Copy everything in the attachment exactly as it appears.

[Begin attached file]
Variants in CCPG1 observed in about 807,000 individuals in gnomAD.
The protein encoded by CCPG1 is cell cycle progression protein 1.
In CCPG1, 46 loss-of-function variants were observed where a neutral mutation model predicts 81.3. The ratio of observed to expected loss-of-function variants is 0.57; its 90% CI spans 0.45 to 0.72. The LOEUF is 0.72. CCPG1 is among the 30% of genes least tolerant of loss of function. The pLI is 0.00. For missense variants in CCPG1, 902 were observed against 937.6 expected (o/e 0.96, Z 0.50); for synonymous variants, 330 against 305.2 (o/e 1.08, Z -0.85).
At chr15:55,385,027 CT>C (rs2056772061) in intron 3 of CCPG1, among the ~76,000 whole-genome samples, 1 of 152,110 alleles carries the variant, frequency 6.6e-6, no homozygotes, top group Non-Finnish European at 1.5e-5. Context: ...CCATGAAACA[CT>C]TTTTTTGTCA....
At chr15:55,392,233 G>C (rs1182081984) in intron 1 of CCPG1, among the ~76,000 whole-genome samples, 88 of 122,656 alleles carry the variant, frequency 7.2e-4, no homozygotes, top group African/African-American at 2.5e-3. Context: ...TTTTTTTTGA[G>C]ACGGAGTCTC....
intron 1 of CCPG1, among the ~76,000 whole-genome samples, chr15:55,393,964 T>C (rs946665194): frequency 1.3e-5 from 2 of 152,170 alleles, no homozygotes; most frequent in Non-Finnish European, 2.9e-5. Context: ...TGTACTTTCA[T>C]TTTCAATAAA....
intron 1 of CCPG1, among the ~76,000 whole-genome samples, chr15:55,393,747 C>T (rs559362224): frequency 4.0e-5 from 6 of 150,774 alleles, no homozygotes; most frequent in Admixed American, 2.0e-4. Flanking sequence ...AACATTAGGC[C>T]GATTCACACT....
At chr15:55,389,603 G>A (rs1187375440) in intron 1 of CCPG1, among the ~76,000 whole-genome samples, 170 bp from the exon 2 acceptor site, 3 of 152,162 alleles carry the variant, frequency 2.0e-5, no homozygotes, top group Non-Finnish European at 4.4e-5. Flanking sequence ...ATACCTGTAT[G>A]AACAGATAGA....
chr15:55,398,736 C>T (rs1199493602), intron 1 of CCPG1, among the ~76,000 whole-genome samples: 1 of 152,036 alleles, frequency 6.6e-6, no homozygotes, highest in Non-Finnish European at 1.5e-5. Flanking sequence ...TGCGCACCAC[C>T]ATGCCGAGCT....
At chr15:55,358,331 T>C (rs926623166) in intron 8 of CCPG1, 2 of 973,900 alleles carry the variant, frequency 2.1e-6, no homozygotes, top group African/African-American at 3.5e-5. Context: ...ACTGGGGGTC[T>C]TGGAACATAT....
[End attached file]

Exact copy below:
Variants in CCPG1 observed in about 807,000 individuals in gnomAD.
The protein encoded by CCPG1 is cell cycle progression protein 1.
In CCPG1, 46 loss-of-function variants were observed where a neutral mutation model predicts 81.3. The ratio of observed to expected loss-of-function variants is 0.57; its 90% CI spans 0.45 to 0.72. The LOEUF is 0.72. CCPG1 is among the 30% of genes least tolerant of loss of function. The pLI is 0.00. For missense variants in CCPG1, 902 were observed against 937.6 expected (o/e 0.96, Z 0.50); for synonymous variants, 330 against 305.2 (o/e 1.08, Z -0.85).
At chr15:55,385,027 CT>C (rs2056772061) in intron 3 of CCPG1, among the ~76,000 whole-genome samples, 1 of 152,110 alleles carries the variant, frequency 6.6e-6, no homozygotes, top group Non-Finnish European at 1.5e-5. Context: ...CCATGAAACA[CT>C]TTTTTTGTCA....
At chr15:55,392,233 G>C (rs1182081984) in intron 1 of CCPG1, among the ~76,000 whole-genome samples, 88 of 122,656 alleles carry the variant, frequency 7.2e-4, no homozygotes, top group African/African-American at 2.5e-3. Context: ...TTTTTTTTGA[G>C]ACGGAGTCTC....
intron 1 of CCPG1, among the ~76,000 whole-genome samples, chr15:55,393,964 T>C (rs946665194): frequency 1.3e-5 from 2 of 152,170 alleles, no homozygotes; most frequent in Non-Finnish European, 2.9e-5. Context: ...TGTACTTTCA[T>C]TTTCAATAAA....
intron 1 of CCPG1, among the ~76,000 whole-genome samples, chr15:55,393,747 C>T (rs559362224): frequency 4.0e-5 from 6 of 150,774 alleles, no homozygotes; most frequent in Admixed American, 2.0e-4. Flanking sequence ...AACATTAGGC[C>T]GATTCACACT....
At chr15:55,389,603 G>A (rs1187375440) in intron 1 of CCPG1, among the ~76,000 whole-genome samples, 170 bp from the exon 2 acceptor site, 3 of 152,162 alleles carry the variant, frequency 2.0e-5, no homozygotes, top group Non-Finnish European at 4.4e-5. Flanking sequence ...ATACCTGTAT[G>A]AACAGATAGA....
chr15:55,398,736 C>T (rs1199493602), intron 1 of CCPG1, among the ~76,000 whole-genome samples: 1 of 152,036 alleles, frequency 6.6e-6, no homozygotes, highest in Non-Finnish European at 1.5e-5. Flanking sequence ...TGCGCACCAC[C>T]ATGCCGAGCT....
At chr15:55,358,331 T>C (rs926623166) in intron 8 of CCPG1, 2 of 973,900 alleles carry the variant, frequency 2.1e-6, no homozygotes, top group African/African-American at 3.5e-5. Context: ...ACTGGGGGTC[T>C]TGGAACATAT....